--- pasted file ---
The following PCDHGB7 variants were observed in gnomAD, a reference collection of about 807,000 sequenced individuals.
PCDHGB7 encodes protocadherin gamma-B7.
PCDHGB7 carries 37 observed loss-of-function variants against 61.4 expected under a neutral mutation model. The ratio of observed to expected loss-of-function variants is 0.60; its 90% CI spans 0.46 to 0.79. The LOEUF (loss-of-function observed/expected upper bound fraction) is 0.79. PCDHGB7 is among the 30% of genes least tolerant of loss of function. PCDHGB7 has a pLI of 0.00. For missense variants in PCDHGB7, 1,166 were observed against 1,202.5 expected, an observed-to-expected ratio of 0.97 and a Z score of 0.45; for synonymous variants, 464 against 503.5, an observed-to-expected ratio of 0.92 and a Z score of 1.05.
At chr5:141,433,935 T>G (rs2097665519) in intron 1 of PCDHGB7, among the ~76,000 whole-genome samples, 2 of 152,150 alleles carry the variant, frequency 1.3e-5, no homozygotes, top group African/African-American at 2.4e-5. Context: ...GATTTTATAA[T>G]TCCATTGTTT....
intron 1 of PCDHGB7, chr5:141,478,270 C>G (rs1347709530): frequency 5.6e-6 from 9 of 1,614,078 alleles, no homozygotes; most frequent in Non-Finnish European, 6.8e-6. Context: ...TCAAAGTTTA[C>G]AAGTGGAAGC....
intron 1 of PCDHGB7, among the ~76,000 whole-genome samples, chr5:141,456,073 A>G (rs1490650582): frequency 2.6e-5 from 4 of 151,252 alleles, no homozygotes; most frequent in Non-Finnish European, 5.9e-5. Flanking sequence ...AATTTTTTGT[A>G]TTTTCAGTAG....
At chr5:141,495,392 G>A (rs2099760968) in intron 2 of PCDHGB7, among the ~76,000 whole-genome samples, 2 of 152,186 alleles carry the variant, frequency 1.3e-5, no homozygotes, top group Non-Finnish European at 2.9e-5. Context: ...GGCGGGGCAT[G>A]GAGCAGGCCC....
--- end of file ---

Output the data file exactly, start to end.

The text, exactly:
The following PCDHGB7 variants were observed in gnomAD, a reference collection of about 807,000 sequenced individuals.
PCDHGB7 encodes protocadherin gamma-B7.
PCDHGB7 carries 37 observed loss-of-function variants against 61.4 expected under a neutral mutation model. The ratio of observed to expected loss-of-function variants is 0.60; its 90% CI spans 0.46 to 0.79. The LOEUF (loss-of-function observed/expected upper bound fraction) is 0.79. PCDHGB7 is among the 30% of genes least tolerant of loss of function. PCDHGB7 has a pLI of 0.00. For missense variants in PCDHGB7, 1,166 were observed against 1,202.5 expected, an observed-to-expected ratio of 0.97 and a Z score of 0.45; for synonymous variants, 464 against 503.5, an observed-to-expected ratio of 0.92 and a Z score of 1.05.
At chr5:141,433,935 T>G (rs2097665519) in intron 1 of PCDHGB7, among the ~76,000 whole-genome samples, 2 of 152,150 alleles carry the variant, frequency 1.3e-5, no homozygotes, top group African/African-American at 2.4e-5. Context: ...GATTTTATAA[T>G]TCCATTGTTT....
intron 1 of PCDHGB7, chr5:141,478,270 C>G (rs1347709530): frequency 5.6e-6 from 9 of 1,614,078 alleles, no homozygotes; most frequent in Non-Finnish European, 6.8e-6. Context: ...TCAAAGTTTA[C>G]AAGTGGAAGC....
intron 1 of PCDHGB7, among the ~76,000 whole-genome samples, chr5:141,456,073 A>G (rs1490650582): frequency 2.6e-5 from 4 of 151,252 alleles, no homozygotes; most frequent in Non-Finnish European, 5.9e-5. Flanking sequence ...AATTTTTTGT[A>G]TTTTCAGTAG....
At chr5:141,495,392 G>A (rs2099760968) in intron 2 of PCDHGB7, among the ~76,000 whole-genome samples, 2 of 152,186 alleles carry the variant, frequency 1.3e-5, no homozygotes, top group Non-Finnish European at 2.9e-5. Context: ...GGCGGGGCAT[G>A]GAGCAGGCCC....